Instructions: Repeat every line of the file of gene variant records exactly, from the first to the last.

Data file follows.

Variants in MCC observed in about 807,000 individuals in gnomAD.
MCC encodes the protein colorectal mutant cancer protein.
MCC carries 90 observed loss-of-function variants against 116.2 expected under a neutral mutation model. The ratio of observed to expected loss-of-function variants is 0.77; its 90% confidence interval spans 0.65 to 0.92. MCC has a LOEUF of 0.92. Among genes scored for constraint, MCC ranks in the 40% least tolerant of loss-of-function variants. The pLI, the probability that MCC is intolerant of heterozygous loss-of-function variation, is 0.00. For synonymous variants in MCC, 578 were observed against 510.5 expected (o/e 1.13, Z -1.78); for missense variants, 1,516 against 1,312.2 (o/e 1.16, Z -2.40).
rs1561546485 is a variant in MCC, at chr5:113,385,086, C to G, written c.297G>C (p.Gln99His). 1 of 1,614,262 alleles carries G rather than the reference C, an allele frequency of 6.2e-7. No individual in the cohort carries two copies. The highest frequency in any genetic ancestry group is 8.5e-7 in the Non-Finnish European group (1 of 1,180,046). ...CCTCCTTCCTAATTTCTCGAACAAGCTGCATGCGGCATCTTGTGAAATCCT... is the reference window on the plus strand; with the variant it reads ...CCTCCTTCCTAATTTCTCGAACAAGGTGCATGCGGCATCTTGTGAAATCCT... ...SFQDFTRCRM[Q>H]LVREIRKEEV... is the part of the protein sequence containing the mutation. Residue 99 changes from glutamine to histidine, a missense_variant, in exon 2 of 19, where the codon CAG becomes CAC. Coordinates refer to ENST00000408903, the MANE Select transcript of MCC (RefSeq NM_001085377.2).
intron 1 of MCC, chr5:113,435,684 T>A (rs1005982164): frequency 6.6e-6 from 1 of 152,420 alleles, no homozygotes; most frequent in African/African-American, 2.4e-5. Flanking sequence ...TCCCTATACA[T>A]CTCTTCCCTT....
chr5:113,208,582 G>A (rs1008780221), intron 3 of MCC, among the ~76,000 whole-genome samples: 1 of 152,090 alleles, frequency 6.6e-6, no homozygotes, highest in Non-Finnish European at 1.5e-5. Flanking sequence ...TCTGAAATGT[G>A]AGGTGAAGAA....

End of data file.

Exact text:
Variants in MCC observed in about 807,000 individuals in gnomAD.
MCC encodes the protein colorectal mutant cancer protein.
MCC carries 90 observed loss-of-function variants against 116.2 expected under a neutral mutation model. The ratio of observed to expected loss-of-function variants is 0.77; its 90% confidence interval spans 0.65 to 0.92. MCC has a LOEUF of 0.92. Among genes scored for constraint, MCC ranks in the 40% least tolerant of loss-of-function variants. The pLI, the probability that MCC is intolerant of heterozygous loss-of-function variation, is 0.00. For synonymous variants in MCC, 578 were observed against 510.5 expected (o/e 1.13, Z -1.78); for missense variants, 1,516 against 1,312.2 (o/e 1.16, Z -2.40).
rs1561546485 is a variant in MCC, at chr5:113,385,086, C to G, written c.297G>C (p.Gln99His). 1 of 1,614,262 alleles carries G rather than the reference C, an allele frequency of 6.2e-7. No individual in the cohort carries two copies. The highest frequency in any genetic ancestry group is 8.5e-7 in the Non-Finnish European group (1 of 1,180,046). ...CCTCCTTCCTAATTTCTCGAACAAGCTGCATGCGGCATCTTGTGAAATCCT... is the reference window on the plus strand; with the variant it reads ...CCTCCTTCCTAATTTCTCGAACAAGGTGCATGCGGCATCTTGTGAAATCCT... ...SFQDFTRCRM[Q>H]LVREIRKEEV... is the part of the protein sequence containing the mutation. Residue 99 changes from glutamine to histidine, a missense_variant, in exon 2 of 19, where the codon CAG becomes CAC. Coordinates refer to ENST00000408903, the MANE Select transcript of MCC (RefSeq NM_001085377.2).
intron 1 of MCC, chr5:113,435,684 T>A (rs1005982164): frequency 6.6e-6 from 1 of 152,420 alleles, no homozygotes; most frequent in African/African-American, 2.4e-5. Flanking sequence ...TCCCTATACA[T>A]CTCTTCCCTT....
chr5:113,208,582 G>A (rs1008780221), intron 3 of MCC, among the ~76,000 whole-genome samples: 1 of 152,090 alleles, frequency 6.6e-6, no homozygotes, highest in Non-Finnish European at 1.5e-5. Flanking sequence ...TCTGAAATGT[G>A]AGGTGAAGAA....